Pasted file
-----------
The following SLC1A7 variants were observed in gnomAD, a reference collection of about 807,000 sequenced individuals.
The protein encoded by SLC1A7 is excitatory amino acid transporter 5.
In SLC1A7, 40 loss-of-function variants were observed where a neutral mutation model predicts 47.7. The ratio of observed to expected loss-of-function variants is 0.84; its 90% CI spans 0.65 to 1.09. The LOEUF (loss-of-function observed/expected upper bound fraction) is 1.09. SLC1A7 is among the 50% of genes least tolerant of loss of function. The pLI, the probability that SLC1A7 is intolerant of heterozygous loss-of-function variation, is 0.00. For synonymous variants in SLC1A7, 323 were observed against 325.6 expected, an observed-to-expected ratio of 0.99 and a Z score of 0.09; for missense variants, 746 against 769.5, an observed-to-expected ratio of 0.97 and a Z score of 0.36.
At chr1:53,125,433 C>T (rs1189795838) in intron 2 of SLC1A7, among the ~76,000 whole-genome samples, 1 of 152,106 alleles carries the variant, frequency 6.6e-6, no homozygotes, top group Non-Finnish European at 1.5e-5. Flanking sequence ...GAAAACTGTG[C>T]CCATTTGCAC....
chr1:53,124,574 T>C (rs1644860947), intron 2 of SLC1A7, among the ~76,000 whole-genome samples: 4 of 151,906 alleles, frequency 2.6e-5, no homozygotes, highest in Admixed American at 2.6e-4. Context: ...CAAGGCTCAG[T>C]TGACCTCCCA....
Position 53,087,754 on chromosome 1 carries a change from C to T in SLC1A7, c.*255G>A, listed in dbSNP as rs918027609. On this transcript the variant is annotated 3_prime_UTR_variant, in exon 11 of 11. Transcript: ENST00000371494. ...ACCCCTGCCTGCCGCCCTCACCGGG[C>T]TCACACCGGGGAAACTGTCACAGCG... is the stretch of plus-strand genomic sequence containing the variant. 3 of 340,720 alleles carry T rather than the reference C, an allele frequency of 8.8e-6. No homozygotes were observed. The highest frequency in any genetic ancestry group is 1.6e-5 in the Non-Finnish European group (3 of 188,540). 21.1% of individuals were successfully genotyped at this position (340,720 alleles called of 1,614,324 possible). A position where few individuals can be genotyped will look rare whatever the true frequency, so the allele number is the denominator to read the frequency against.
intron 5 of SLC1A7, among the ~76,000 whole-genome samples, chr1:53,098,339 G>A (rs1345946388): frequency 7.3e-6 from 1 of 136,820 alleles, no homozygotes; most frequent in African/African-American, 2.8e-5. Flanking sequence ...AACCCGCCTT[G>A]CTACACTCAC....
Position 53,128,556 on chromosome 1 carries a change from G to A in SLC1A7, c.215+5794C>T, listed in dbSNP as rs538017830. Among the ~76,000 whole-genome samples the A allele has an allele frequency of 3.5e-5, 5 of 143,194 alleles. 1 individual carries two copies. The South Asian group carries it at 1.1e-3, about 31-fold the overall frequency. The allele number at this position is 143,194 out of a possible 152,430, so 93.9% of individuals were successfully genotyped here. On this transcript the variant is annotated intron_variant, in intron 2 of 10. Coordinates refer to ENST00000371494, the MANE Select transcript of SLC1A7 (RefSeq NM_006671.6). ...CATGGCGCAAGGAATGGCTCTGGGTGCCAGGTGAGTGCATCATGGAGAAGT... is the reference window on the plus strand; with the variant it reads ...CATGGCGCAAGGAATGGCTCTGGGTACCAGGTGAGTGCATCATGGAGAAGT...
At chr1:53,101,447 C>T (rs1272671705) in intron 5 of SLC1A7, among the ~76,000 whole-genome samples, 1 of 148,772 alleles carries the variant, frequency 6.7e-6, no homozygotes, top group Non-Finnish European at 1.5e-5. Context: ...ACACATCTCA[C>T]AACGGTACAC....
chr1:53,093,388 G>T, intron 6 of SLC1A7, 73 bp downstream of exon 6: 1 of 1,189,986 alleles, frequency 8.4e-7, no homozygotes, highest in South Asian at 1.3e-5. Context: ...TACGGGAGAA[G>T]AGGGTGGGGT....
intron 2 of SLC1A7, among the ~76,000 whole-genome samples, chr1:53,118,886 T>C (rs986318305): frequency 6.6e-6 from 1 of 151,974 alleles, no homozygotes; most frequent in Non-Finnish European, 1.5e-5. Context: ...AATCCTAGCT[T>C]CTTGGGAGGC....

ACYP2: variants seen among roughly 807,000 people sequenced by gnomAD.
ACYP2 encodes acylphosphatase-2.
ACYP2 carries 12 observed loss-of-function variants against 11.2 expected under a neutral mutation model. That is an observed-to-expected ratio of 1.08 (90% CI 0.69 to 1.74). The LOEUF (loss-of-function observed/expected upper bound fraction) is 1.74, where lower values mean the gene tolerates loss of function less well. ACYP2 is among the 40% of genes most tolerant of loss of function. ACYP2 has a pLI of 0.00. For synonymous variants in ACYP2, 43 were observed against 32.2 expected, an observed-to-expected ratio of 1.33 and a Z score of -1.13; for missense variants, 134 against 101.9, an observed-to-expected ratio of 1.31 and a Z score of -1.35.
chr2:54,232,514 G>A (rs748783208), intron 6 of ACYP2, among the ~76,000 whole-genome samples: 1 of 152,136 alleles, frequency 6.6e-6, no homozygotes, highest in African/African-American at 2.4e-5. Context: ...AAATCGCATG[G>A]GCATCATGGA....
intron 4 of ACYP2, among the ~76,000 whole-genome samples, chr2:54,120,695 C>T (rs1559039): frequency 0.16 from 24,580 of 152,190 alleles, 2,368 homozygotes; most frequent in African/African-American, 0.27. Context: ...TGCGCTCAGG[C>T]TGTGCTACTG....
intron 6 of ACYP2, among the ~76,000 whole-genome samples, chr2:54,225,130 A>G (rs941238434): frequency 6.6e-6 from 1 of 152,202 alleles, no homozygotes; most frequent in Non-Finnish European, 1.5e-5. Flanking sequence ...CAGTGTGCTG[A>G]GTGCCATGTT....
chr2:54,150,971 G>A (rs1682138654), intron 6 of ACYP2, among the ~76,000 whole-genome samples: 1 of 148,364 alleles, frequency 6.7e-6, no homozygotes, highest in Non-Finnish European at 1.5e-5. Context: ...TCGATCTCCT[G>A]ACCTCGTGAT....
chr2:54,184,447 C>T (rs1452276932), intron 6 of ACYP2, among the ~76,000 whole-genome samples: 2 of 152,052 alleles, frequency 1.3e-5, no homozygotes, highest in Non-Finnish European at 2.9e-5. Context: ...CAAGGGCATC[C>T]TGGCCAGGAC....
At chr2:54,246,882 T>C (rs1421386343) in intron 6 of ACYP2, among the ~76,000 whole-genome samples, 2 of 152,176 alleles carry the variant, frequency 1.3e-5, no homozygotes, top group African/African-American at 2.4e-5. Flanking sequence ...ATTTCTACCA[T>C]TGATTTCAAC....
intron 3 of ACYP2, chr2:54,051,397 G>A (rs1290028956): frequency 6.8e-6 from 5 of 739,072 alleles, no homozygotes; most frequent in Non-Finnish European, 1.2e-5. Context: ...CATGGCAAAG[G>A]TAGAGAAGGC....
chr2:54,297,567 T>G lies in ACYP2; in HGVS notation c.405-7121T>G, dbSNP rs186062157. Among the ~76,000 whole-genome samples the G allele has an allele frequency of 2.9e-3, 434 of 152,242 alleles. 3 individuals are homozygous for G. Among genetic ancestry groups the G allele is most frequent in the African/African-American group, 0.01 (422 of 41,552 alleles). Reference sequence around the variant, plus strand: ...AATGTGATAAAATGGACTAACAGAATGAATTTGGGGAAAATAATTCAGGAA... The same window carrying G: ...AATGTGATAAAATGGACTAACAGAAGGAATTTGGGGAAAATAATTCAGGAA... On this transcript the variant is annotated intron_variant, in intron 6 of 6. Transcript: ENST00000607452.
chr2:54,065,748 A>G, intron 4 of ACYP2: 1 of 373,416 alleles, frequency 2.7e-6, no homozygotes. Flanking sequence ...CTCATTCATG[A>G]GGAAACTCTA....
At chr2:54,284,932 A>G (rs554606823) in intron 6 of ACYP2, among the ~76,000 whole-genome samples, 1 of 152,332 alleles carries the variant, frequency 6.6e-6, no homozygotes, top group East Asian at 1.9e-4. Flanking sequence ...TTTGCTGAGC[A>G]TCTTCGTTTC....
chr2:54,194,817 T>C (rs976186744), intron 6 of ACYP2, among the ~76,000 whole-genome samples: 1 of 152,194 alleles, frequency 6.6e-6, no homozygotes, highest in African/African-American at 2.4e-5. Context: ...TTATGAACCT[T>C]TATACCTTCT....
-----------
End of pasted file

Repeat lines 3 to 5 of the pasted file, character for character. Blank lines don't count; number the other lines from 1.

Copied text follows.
In SLC1A7, 40 loss-of-function variants were observed where a neutral mutation model predicts 47.7. The ratio of observed to expected loss-of-function variants is 0.84; its 90% CI spans 0.65 to 1.09. The LOEUF (loss-of-function observed/expected upper bound fraction) is 1.09. SLC1A7 is among the 50% of genes least tolerant of loss of function. The pLI, the probability that SLC1A7 is intolerant of heterozygous loss-of-function variation, is 0.00. For synonymous variants in SLC1A7, 323 were observed against 325.6 expected, an observed-to-expected ratio of 0.99 and a Z score of 0.09; for missense variants, 746 against 769.5, an observed-to-expected ratio of 0.97 and a Z score of 0.36.
At chr1:53,125,433 C>T (rs1189795838) in intron 2 of SLC1A7, among the ~76,000 whole-genome samples, 1 of 152,106 alleles carries the variant, frequency 6.6e-6, no homozygotes, top group Non-Finnish European at 1.5e-5. Flanking sequence ...GAAAACTGTG[C>T]CCATTTGCAC....
chr1:53,124,574 T>C (rs1644860947), intron 2 of SLC1A7, among the ~76,000 whole-genome samples: 4 of 151,906 alleles, frequency 2.6e-5, no homozygotes, highest in Admixed American at 2.6e-4. Context: ...CAAGGCTCAG[T>C]TGACCTCCCA....